Sales were so good last year, that the sisters opened a boutique division named Best Boy Gourmet, specializing in freshly manufactured, one-serving packages meant for consumption no later than 3 days after production.  They sell this product at 3 times the cost of their other products and by special order only through their new website.  Demand is high, but waste has been an issue. Sarah is the president and general manager of the operation. Sarah has been very proactive in growing the business. She has met with her banker to discuss expanding the facilities and equipment with another $150,000 loan.  Their first loan for $150,000 was secured by the industrial size, food production equipment purchased with the loan. The banker now demands an audit of the corporate financial statements before releasing another loan to the company.  Sarah has offered to place the corporate account receivables up as collateral to secure the second loan.  Based on revenue projections by her sister Jillian’s sales team, Sarah believes that the company will not have trouble paying down the loan in a short period of time.

Kim manages the production operations.  She oversees the inventory, production, and shipment of dog food products.  The Best Boy Gourmet line has taken almost all of her attention lately.  The winter holidays are approaching and sales demand based on forecasts from the sales force are higher than ever.  Attaining fresh, raw ingredients is more difficult in the winter months.  If any of the fresh ingredients are delayed, production comes to a standstill. There has been significant inventory waste as a result.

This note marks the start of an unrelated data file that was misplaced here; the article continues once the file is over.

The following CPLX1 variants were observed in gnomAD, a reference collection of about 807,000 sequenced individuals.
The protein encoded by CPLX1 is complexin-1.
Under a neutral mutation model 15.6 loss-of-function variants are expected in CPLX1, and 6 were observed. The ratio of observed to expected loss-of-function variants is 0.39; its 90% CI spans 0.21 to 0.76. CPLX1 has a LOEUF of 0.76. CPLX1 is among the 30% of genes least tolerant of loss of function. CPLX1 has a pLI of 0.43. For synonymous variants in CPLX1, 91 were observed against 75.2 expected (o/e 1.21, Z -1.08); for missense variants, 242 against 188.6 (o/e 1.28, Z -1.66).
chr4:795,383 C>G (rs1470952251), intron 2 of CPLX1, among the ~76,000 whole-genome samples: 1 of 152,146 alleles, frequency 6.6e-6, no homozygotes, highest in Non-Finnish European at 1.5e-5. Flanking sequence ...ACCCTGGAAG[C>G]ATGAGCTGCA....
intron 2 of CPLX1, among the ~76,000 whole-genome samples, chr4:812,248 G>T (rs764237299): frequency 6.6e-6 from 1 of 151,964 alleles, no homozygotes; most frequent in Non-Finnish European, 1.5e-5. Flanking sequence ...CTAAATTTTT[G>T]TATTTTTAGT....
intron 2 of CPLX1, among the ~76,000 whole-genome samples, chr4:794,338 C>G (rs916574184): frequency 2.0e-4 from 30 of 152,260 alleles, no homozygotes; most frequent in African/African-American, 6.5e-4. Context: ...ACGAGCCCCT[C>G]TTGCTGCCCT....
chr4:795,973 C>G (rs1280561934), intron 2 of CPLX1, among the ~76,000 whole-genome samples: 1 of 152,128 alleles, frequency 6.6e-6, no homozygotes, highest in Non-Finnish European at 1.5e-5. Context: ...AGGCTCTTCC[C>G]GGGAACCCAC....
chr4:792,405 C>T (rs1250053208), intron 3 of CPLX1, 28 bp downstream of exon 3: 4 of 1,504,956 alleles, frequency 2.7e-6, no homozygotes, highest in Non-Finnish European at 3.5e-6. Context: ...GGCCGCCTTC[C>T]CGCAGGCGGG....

Kim’s assistant, Henry, monitors the production and shipment of Smackey Dog Food’s regular line of product.  Henry takes pride in his work and is involved in every facet of the operation.  With only one other warehouse employee to help, Henry personally is involved in preparing and approving all inventory records.  Henry ensures that very little finished inventory sits in the warehouse.  However, the shipping dock always seems to be full of returned dog food that should be restocked.  When Kim asks him about it, Henry laughs and tells her that “first in first out” applies to dog food returns as well.  Kim smiles and just accepts that answer. Jillian is not very good at understanding accounting. The sisters placed Jillian in charge of sales.  She manages a sales team of 12 salesmen in Illinois, Indiana, and Wisconsin.  Her fear of flying and poor driving skills limit her ability to get around to the areas outside of Chicago. As a result, she has placed a lot of faith in her sales team.  The sales team complained last year that they did not like waiting for their commissions until after bookkeeping calculated the actual revenues.  In order to keep their spirits fired up, Jillian has her sales people project what their sales will be in the upcoming quarter and she pays commissions in advance on those projections.    The sales team loves her and Jillian loves their approval.  Jillian has noticed that the projections typically are off by 11% on average.